Weeks ago, House Intelligence Ranking Republican Pete Hoekstra (R, Mich.) requested the release of memos detailing the information that the CIA gave about waterboarding in Congressional briefings. He wanted this in order to clear up what Speaker Nancy Pelosi (D, Calif.) knew about waterboarding and when she knew it.
Later, Pelosi — who claims she was lied to by the CIA in September 2002 and specifically told that waterboarding had not been used — said publicly that she, too, wanted the memos released. She wanted to prove she was telling the truth.
So who is bluffing? Here is how Hoekstra put it when I asked him: “I’ve sent two letters to the CIA to get them released. The real question someone ought to ask [of Pelosi] is if she has sent any letters or made any phone calls to get them released.”
If Pelosi seems less credible than the CIA, it might be because she has done a poor job of keeping her story straight. Here is what she said yesterday about the February 2003 briefing, which her staffer Michael Sheehy attended, during her press conference (a complete transcript of which is here):
My staff person told me that there had been a briefing — informing that there had been a briefing and that a letter had been sent. I was not briefed on what was in that briefing; I was just informed that the briefing had taken place.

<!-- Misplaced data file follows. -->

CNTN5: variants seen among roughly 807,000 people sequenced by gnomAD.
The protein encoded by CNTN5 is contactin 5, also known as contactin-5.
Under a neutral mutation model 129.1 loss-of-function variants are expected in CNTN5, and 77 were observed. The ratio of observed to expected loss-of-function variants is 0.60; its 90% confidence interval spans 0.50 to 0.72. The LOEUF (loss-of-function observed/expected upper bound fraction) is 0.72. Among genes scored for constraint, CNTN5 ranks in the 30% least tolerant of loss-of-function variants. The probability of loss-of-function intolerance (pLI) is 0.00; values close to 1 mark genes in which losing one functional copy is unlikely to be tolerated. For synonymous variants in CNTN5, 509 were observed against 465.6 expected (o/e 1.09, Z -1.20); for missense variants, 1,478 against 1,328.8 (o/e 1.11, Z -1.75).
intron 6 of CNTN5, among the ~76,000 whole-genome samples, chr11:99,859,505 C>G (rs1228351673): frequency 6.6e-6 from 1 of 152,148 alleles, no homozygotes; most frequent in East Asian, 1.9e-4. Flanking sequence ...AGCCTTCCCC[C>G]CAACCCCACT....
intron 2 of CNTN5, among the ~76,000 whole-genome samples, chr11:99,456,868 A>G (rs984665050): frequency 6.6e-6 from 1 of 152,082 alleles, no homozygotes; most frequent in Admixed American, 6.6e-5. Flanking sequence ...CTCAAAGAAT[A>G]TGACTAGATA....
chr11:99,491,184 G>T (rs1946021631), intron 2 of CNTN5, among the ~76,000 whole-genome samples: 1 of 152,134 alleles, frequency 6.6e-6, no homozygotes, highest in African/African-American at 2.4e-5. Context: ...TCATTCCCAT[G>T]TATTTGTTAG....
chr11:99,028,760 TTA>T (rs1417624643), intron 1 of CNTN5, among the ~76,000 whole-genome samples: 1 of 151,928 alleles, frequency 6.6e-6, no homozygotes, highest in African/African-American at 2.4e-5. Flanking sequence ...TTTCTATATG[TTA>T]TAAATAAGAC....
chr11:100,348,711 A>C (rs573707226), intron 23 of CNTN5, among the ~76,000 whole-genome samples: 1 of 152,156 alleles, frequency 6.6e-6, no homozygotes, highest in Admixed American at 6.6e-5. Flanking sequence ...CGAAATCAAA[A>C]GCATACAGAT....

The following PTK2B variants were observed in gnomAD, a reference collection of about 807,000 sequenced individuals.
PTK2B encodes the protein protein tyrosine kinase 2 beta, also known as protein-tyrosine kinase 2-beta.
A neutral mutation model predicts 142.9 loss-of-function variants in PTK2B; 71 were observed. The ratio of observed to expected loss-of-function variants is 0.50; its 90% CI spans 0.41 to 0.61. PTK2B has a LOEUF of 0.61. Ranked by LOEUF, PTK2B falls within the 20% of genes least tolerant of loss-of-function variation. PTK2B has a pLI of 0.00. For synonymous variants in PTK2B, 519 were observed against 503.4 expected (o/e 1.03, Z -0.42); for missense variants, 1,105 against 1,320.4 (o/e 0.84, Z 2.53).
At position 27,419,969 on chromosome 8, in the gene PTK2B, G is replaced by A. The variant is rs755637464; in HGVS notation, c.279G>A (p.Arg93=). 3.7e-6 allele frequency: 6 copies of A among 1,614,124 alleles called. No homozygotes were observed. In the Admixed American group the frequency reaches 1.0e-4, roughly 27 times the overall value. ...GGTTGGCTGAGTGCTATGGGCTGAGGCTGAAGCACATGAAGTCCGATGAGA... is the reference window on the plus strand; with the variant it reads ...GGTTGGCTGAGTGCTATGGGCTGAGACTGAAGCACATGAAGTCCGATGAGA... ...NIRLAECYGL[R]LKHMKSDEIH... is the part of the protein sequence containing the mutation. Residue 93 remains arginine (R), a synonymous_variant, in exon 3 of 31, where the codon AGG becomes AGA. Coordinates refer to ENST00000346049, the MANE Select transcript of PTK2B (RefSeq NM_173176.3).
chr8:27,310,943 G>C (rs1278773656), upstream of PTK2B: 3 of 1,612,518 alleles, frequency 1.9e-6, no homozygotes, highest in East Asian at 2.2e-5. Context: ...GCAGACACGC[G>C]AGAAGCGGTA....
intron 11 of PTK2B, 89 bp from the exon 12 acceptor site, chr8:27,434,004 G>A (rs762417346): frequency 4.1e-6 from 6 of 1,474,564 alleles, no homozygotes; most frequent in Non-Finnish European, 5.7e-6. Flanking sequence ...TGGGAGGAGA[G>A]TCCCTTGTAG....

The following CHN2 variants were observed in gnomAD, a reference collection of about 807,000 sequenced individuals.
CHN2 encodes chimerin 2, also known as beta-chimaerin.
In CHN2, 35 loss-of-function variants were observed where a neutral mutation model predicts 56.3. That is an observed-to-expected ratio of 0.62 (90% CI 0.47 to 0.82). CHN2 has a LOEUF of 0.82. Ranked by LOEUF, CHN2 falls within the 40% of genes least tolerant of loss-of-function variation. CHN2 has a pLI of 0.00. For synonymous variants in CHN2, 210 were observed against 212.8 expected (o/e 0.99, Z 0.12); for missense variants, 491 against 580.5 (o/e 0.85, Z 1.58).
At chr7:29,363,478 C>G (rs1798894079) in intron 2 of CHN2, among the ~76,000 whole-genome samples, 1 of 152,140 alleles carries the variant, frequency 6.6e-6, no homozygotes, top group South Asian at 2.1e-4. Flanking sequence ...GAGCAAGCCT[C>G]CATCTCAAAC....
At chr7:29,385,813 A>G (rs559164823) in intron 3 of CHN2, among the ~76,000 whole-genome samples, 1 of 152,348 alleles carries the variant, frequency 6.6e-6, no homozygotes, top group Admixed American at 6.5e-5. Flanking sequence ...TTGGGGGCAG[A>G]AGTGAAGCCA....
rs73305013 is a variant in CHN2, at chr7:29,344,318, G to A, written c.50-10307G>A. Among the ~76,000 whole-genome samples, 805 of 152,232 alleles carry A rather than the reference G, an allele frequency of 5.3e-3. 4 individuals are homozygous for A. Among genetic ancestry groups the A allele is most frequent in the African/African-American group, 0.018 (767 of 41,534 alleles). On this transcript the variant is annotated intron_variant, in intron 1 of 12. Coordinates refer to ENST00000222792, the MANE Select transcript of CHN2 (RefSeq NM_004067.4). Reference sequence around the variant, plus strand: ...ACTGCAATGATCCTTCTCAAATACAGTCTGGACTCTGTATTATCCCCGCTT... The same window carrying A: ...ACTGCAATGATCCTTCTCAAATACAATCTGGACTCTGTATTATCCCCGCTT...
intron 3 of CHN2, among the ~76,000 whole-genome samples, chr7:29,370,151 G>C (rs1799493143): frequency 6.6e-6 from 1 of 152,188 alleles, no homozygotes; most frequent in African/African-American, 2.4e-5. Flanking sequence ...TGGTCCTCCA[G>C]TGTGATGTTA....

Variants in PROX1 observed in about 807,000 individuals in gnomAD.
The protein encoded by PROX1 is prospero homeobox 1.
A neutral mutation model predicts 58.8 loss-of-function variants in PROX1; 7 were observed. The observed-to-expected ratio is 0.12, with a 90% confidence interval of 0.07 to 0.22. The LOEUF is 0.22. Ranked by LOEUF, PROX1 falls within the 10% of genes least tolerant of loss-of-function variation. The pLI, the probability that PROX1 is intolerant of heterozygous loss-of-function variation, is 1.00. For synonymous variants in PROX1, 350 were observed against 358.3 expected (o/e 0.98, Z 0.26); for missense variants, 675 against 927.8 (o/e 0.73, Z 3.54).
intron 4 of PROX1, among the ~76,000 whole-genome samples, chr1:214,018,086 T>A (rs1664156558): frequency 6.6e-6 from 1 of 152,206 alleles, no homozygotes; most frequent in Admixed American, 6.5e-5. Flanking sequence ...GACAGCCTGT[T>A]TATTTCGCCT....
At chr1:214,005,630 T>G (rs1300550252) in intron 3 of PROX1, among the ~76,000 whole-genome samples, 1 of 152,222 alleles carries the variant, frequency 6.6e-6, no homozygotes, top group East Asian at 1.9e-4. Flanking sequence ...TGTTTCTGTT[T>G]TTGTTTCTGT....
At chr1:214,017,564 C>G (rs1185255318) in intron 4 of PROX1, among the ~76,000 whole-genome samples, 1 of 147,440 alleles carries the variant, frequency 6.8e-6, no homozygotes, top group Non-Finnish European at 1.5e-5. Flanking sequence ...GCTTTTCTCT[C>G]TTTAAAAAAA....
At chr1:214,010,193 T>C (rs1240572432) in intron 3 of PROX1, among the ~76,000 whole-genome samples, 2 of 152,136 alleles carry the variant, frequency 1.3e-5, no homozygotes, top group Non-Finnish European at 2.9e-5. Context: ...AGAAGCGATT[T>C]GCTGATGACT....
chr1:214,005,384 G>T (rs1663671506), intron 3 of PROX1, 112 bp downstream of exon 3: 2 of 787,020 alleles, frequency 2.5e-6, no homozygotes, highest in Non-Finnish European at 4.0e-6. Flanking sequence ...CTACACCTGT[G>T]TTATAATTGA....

She appeared to suggest that he could not tell her because they were not in a secure location, which fails to satisfy as a long term explanation, anyway. But then, moments later, Pelosi said that Sheehy had told her about what was in the briefing:
QUESTION: … Sheehy did not tell you that the — he was informed that they were actually using the techniques?
PELOSI: No, he did say that. He said that the — the committee chair and ranking member and appropriate staff had been briefed that these techniques were now being used. They — that’s all I was informed, that they were being used and that a letter was sent.
Did Sheehy give her a partial briefing? Were the details about this torture, to which Pelosi supposedly strongly objected, just too unimportant for a full briefing from her staff? Hoekstra said that if Pelosi wasn’t briefed, it could only be because “she didn’t care enough” to make the short trip to the “secure space” where such things can be discussed. If she was briefed, why did she every suggest that she wasn’t?
It is also worth noting that the letter Pelosi references, which was sent by Rep. Jane Harman (D, Calif.), objected only to the destruction of a videotape, and registered no direct objections to waterboarding as a form of torture.